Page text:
Wearable Computing and Fashion

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When Computing is worn out (and about)

Every day, choosing what to wear gives you a chance to be creative, try on new identities, or at least keep yourself warm and dry. The possibilities don’t stop at your closet though. You don’t just have to wear clothes – you can wear
computers too. Looking smart just got a whole lot smarter.
Find out about all sorts of ways that computer science can improve your style from t-shirt designs made with the help of evolution, a mirror that helps you choose what to wear, and the technology behind Tony Stark’s Iron Man suit. Plus we’ll get to the bottom (so to speak) of why robots always insist on going naked. The computerised wardrobe of the future contains everything from LED frocks to bio-mechanical exoskeletons, buttons that are buttons and smart handbags …

Smart Bags

A smart handbag with LEDS and plugged in cable

In our stress-filled world with ever increasing levels of anxiety, it would be nice if technology could sometimes reduce stress rather than just add to it. That is the problem that QMUL’s Christine Farion set out to solve for her PhD. She wanted to do something stylish too, so she created a new kind of bag: a smart bag… (read on)

Let buttons be buttons

We are used to the idea that we use buttons with electronics to switch things on and off, but Rebecca Stewart and Sophie Skach decided to use real
buttons in the old-fashioned sense of a fashionable way to fasten up clothes… (read on)

Shirts that keep score

When watching sport in person, a glance at the scoreboard should tell you everything that’s going on. But why not try to put that information right in the action? How much better would it be if all the players’ shirts could display not just the score, but how well each individual is doing?… (read on)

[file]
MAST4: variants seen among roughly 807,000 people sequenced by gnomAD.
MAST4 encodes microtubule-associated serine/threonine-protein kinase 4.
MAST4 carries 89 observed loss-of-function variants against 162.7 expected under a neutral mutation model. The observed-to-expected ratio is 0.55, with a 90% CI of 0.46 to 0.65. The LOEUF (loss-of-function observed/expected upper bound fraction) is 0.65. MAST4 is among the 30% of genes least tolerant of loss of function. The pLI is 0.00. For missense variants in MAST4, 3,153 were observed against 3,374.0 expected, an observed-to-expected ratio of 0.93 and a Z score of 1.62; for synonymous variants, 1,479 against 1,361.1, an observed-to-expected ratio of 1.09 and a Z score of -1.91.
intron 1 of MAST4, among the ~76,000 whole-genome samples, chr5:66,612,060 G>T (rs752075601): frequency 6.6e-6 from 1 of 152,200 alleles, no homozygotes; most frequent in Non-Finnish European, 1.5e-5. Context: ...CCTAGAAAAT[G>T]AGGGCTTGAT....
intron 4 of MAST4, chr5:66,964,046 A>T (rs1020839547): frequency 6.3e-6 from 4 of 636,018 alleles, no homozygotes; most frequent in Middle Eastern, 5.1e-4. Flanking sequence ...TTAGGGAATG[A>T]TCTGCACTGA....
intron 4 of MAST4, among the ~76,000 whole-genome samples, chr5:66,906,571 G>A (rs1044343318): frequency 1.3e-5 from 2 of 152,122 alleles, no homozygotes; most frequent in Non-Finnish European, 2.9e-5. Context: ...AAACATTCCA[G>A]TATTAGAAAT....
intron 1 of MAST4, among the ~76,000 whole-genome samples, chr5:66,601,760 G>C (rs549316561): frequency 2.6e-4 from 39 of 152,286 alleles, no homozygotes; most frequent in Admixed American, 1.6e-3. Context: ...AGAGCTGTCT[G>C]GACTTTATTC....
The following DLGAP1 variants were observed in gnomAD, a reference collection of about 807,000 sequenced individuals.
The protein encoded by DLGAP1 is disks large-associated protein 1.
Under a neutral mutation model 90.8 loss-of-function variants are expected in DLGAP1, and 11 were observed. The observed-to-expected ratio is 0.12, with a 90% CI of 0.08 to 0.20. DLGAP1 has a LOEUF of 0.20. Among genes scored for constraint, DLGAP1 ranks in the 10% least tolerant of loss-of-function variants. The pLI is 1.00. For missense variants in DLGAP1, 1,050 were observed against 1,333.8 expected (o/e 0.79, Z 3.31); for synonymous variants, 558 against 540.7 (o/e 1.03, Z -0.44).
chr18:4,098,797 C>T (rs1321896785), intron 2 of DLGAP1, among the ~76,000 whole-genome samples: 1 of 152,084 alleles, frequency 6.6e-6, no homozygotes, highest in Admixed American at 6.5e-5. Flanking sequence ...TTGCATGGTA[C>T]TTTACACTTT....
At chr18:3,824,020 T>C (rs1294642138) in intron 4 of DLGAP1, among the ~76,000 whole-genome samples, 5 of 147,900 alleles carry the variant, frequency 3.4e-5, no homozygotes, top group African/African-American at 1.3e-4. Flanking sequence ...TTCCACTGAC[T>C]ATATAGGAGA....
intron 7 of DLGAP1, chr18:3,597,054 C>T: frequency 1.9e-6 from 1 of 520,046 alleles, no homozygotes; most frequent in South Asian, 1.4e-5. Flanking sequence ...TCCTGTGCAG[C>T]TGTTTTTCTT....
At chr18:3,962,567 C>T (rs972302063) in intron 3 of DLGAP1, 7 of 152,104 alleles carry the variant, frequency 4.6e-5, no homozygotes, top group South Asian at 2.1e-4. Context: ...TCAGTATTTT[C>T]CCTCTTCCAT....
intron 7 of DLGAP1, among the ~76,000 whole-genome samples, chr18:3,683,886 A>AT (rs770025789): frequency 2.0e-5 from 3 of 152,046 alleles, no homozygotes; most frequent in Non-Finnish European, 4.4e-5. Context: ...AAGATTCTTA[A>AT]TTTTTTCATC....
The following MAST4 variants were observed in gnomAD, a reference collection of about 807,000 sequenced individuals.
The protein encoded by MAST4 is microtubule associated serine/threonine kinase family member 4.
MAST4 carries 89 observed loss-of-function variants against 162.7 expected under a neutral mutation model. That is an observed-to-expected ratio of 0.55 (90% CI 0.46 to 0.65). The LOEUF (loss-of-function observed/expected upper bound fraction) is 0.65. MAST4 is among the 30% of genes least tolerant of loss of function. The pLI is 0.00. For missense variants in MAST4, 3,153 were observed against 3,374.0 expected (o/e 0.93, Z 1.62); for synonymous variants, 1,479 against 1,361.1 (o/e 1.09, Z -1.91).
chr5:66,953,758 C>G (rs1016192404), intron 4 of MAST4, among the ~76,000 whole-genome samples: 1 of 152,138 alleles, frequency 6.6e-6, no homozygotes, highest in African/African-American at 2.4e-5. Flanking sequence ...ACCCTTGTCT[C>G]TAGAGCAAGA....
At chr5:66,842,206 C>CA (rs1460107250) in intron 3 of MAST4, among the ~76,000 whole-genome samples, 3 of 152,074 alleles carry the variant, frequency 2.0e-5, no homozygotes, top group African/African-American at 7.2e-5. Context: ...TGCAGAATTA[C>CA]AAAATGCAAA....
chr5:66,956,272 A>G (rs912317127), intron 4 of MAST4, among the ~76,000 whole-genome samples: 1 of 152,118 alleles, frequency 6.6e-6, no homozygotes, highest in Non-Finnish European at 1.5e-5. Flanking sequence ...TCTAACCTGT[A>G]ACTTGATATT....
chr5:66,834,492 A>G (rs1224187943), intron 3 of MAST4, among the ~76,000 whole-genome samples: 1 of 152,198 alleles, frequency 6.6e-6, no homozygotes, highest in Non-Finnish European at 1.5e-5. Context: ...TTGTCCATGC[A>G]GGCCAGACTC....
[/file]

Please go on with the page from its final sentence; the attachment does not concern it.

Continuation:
Full metal jacket: the fashion of Iron Man

Industrialist Tony Stark always dresses for the occasion, even when that particular occasion happens to be a fight with the powers of evil. His clothes are driven by computer science: the ultimate in wearable computing.… (read on)

The computer vs the casino: Wearable tech cheating

What happened when a legend of computer science took on the Las Vegas casinos? The answer, surprisingly, was the birth of wearable computing... (read on)

The naked robot

Why are so many film robots naked? We take it for granted that robots don’t wear clothes, and why should they? If they started to though perhaps it would show there was actually something in there... (read on)

Sick Tattoos

Researchers at MIT and Harvard have new skin in the game when it comes to monitoring people’s bodily health. They developed a new wearable technology in the form of colour- and shape-changing tattoos... (read on)

The Tactful Watch

These days art and high technology don’t mix much. Personal gadgets are one thing, jewellery another. That hasn’t always been so though and hopefully it won’t be in the future. In the 18th century there was a mobile revolution just like the current one, driven by watchmakers…(read on)

Knitters and coders separated at birth

People say that computers are all around us, but you could still escape your phone and go to the park, far away from the nearest circuit board if you wanted to. It’s a lot more difficult to get away from the clutches of computation though. For one thing, you’d have to leave your clothes at home...(read on)

Dickens knitting in code

Ball of wool close up

Charles Dickens is famous for his novels highlighting Victorian social injustice. Art and science really do mix, and Dickens certainly knew some computer science. In his classic novel about the French Revolution, A Tale of Two Cities, one of his characters relies on computer science based knitting. … (read on)

Encrypted Deckchairs

Summer is here so it is time to start looking for secret messages on the beach. All those stripy deckchairs and windbreaks seem a great place to hide messages, or how about making a stripy dress and hiding messages in it … (read on)

More to come …

This page was funded by UKRI, through grant EP/W033615/1.